uploads///Portfolio Break down of the FHJUX

Portfolio Positioning of the Fidelity Advisor Europe Fund


Nov. 24 2015, Published 1:13 p.m. ET

Fidelity Advisor Europe Fund

The Fidelity Advisor Europe Fund Class A (FHJUX) seeks to grow capital over the long-term by “normally investing at least 80% of assets in securities of European issuers and other investments that are tied economically to Europe.” The fund’s management believes in investing in quality companies available at a discount to their fair value. Its bottom-up stock picking focuses on investing in companies with “proven business models, wide competitive moats and access to scarce or intangible resources (e.g., properties, cost structure, R&D, brands, company culture and management).”

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The fund’s assets were spread across 80 holdings as of September 2015, and it was managing assets worth $1.4 billion as of October-end. As of the September portfolio, its top ten equity holdings included Sanofi (SNY), Shire (SHPG), B shares of Novozymes (NVZMY), Lloyds Banking Group (LYG), and Prudential (PUK). The top ten holdings formed 23.6% of the fund’s portfolio.

Historical portfolios

For this analysis, we’ll consider holdings as of September 2015 as that’s the latest available sectoral breakdown with us. The holdings after September reflect valuation-driven changes to the portfolio and not the actual holdings.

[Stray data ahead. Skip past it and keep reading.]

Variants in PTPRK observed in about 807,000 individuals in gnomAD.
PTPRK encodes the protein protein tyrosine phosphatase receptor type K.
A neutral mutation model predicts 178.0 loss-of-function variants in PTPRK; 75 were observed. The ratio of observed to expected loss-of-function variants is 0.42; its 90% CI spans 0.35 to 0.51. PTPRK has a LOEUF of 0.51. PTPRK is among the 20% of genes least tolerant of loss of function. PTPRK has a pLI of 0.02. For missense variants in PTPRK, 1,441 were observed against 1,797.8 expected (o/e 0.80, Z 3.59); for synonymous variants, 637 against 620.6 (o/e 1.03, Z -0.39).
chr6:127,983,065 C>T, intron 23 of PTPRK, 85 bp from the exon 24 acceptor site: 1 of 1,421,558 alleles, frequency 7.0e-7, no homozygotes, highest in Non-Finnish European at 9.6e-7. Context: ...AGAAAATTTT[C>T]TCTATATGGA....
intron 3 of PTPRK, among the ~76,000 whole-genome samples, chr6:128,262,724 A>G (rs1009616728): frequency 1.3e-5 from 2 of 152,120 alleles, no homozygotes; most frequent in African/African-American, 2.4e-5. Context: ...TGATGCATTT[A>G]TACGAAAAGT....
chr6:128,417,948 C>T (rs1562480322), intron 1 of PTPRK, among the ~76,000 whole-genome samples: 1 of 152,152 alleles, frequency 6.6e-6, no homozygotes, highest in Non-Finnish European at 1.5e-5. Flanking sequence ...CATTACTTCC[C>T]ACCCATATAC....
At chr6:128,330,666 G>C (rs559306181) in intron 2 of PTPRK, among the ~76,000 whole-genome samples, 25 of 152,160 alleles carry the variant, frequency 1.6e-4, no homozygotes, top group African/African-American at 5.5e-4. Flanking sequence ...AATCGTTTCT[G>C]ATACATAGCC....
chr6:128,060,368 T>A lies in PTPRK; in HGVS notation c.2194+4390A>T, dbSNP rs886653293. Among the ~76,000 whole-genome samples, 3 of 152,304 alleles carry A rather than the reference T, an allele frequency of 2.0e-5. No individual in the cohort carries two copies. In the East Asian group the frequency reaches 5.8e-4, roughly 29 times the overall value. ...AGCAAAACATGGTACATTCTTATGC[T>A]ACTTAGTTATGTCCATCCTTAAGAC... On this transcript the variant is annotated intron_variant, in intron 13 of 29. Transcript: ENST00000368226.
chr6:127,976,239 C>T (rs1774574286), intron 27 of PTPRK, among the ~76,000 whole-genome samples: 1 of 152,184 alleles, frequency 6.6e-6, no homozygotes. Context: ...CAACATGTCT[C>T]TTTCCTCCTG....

The fund’s portfolio has undergone quite a bit of change in the one-year period ended October 2015. Financials continue to remain the top invested sector. However, exposure to these stocks surged from 21.5% a year ago to over 31% at present. A lot of fresh securities have also been added. Additionally, quite a few securities have been liquidated, some very quickly after purchase. In a few cases, the weight of existing securities has been increased.

The weight of stocks from the healthcare sector has also risen over the past year. The fund’s management has exited a lot of positions and invested in new securities. The sector continues to be the second-largest holding in the fund’s portfolio.

Industrials have had the same treatment as healthcare. A lot of turnover can be seen at the granular level.

Consumer staples and energy are on the other side of the fence, with weights being reduced over the course of the period. Management sharply reduced exposure to consumer staples stocks. The sector used to form over 14% of the fund’s assets a year ago but now barely makes the 3% mark. Meanwhile, energy stocks were eliminated from the portfolio sometime in 2Q15. Energy stocks used to form over 6.5% of the portfolio a year ago.

How did the FHJUX fare in October? Let’s look at that in the next article.


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